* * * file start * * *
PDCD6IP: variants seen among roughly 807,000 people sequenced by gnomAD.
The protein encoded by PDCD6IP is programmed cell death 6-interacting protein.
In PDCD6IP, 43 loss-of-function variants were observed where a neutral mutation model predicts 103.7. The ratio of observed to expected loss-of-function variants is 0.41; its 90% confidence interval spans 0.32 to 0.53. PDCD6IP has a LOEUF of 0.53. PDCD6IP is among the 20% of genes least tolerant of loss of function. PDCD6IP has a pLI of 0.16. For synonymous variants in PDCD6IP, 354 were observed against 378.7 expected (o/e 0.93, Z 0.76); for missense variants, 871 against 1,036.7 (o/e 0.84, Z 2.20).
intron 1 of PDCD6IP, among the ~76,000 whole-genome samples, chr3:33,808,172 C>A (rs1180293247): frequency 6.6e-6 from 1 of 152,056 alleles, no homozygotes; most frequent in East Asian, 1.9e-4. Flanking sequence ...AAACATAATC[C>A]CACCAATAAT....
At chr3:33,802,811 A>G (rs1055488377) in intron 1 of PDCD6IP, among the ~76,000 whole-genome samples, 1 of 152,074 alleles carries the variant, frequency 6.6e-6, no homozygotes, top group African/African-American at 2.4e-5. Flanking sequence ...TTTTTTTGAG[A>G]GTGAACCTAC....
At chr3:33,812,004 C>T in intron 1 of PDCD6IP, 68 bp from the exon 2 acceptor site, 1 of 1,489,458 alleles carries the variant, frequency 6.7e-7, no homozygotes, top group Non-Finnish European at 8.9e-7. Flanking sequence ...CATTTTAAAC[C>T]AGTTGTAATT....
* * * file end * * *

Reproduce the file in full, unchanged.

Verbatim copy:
PDCD6IP: variants seen among roughly 807,000 people sequenced by gnomAD.
The protein encoded by PDCD6IP is programmed cell death 6-interacting protein.
In PDCD6IP, 43 loss-of-function variants were observed where a neutral mutation model predicts 103.7. The ratio of observed to expected loss-of-function variants is 0.41; its 90% confidence interval spans 0.32 to 0.53. PDCD6IP has a LOEUF of 0.53. PDCD6IP is among the 20% of genes least tolerant of loss of function. PDCD6IP has a pLI of 0.16. For synonymous variants in PDCD6IP, 354 were observed against 378.7 expected (o/e 0.93, Z 0.76); for missense variants, 871 against 1,036.7 (o/e 0.84, Z 2.20).
intron 1 of PDCD6IP, among the ~76,000 whole-genome samples, chr3:33,808,172 C>A (rs1180293247): frequency 6.6e-6 from 1 of 152,056 alleles, no homozygotes; most frequent in East Asian, 1.9e-4. Flanking sequence ...AAACATAATC[C>A]CACCAATAAT....
At chr3:33,802,811 A>G (rs1055488377) in intron 1 of PDCD6IP, among the ~76,000 whole-genome samples, 1 of 152,074 alleles carries the variant, frequency 6.6e-6, no homozygotes, top group African/African-American at 2.4e-5. Flanking sequence ...TTTTTTTGAG[A>G]GTGAACCTAC....
At chr3:33,812,004 C>T in intron 1 of PDCD6IP, 68 bp from the exon 2 acceptor site, 1 of 1,489,458 alleles carries the variant, frequency 6.7e-7, no homozygotes, top group Non-Finnish European at 8.9e-7. Flanking sequence ...CATTTTAAAC[C>T]AGTTGTAATT....